Feb 7, 2020 – Mar 21, 2020
“We often forget that WE ARE NATURE. Nature is not something separate from us. So when we say that we have lost our connection to nature, we’ve lost our connection to ourselves.”
-From Sacred Ecology, Andy Goldsworthy
This exhibition reflects on the artist’s relationship to the natural world—in both spiritual and visceral ways. Her title, Humanocene, is a blend of two words, human, and Anthropocene, our current geological epoch that is defined by rapid changes to ecological systems and climate, largely from human impact.
While Pedroza’s work acknowledges the effect of humans on the earth through the inclusion of trash, debris, and felled tree stumps, it also creates a more optimistic counter, by depicting nature as a capable, prevailing, and mystical entity with the ability to restructure and resuscitate itself. For Pedroza, our ability to correct damage to the earth must start with our reconnection to the land. She says, “Being in nature for me is experiential and awakens my senses, filling me with life. We cannot afford to lose our connection with nature, the connection to ourselves.”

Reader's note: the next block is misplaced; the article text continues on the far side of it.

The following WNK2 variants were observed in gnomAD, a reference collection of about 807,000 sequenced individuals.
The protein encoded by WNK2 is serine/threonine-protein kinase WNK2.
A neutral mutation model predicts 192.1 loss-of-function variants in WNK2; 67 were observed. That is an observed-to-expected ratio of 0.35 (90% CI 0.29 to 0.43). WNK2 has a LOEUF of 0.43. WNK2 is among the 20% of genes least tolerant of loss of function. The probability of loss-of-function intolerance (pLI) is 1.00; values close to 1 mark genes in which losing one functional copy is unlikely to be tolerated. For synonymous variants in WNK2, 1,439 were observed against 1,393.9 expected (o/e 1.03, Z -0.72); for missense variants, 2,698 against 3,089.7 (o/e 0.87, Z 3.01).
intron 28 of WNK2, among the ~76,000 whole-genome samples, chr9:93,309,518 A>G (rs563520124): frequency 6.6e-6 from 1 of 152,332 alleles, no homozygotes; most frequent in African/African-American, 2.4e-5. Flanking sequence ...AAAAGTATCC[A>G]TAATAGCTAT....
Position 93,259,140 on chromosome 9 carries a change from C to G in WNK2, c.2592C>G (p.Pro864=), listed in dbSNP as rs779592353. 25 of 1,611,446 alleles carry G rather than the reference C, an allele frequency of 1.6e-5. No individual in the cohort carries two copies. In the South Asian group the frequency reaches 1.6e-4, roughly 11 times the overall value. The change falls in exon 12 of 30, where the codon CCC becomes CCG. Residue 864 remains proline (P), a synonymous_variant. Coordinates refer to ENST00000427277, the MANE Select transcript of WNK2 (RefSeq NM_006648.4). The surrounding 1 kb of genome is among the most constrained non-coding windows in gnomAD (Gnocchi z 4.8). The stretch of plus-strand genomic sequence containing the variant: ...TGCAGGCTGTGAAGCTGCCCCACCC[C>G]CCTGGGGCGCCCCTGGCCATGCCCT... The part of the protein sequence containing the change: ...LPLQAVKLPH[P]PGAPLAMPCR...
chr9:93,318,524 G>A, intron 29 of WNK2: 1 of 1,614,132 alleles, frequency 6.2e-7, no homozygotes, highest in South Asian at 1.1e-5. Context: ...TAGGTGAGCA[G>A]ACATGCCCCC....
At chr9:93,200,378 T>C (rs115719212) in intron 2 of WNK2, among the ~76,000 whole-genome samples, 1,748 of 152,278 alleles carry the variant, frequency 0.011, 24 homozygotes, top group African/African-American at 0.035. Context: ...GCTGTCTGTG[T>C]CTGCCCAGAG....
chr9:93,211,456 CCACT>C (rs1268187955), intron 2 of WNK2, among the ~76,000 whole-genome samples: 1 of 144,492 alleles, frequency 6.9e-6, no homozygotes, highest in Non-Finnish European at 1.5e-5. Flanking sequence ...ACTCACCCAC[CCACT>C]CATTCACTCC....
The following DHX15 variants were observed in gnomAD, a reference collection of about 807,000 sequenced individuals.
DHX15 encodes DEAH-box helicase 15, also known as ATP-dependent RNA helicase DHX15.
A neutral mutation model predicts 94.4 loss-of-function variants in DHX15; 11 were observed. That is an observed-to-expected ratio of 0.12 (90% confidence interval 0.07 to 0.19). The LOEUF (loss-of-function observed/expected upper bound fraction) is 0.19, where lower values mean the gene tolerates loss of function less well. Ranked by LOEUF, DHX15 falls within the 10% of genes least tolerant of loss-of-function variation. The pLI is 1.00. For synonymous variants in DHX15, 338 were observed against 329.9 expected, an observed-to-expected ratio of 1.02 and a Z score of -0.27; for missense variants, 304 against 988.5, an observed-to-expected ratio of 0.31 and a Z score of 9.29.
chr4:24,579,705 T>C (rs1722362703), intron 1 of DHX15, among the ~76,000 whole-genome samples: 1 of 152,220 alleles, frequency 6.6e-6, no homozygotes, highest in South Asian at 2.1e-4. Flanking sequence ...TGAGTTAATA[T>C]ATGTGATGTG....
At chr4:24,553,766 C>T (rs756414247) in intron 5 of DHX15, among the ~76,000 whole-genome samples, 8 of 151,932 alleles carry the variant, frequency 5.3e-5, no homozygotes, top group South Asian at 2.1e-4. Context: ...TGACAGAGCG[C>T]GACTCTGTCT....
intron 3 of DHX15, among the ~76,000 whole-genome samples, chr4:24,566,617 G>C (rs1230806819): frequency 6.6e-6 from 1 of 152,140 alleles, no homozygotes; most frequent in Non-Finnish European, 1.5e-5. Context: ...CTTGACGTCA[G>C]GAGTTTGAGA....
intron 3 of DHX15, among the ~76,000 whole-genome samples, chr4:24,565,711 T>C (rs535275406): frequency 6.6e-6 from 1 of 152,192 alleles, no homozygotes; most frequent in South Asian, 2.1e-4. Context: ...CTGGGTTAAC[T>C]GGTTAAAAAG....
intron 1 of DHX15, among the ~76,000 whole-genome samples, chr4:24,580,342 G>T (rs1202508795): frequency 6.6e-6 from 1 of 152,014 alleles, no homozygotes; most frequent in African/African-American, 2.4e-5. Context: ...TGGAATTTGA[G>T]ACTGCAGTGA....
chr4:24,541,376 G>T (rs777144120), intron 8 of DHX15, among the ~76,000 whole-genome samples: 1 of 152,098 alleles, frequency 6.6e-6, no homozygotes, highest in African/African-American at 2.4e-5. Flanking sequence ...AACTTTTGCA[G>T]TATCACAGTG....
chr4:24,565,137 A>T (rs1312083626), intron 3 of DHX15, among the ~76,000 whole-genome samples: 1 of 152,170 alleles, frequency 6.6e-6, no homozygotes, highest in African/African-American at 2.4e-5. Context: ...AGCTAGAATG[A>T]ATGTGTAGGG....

Ya’el Paderoza currently lives in Ogden, Utah where she teaches Art as an adjunct professor at Weber State University. She received her M.F.A. from California State University at Long Beach, and her B.F.A. at Sierra Nevada College in Incline Village, Nevada. Her art has been shown nationally in group shows throughout California, New York, Florida, Washington, Nevada, Oregon, Illinois, and Wisconsin, and internationally in Italy, and Denmark at the Roennebaeksholm Arts and Culture Center.
Supported by ZAP and George S. and Dolores Doré Eccles Foundation.
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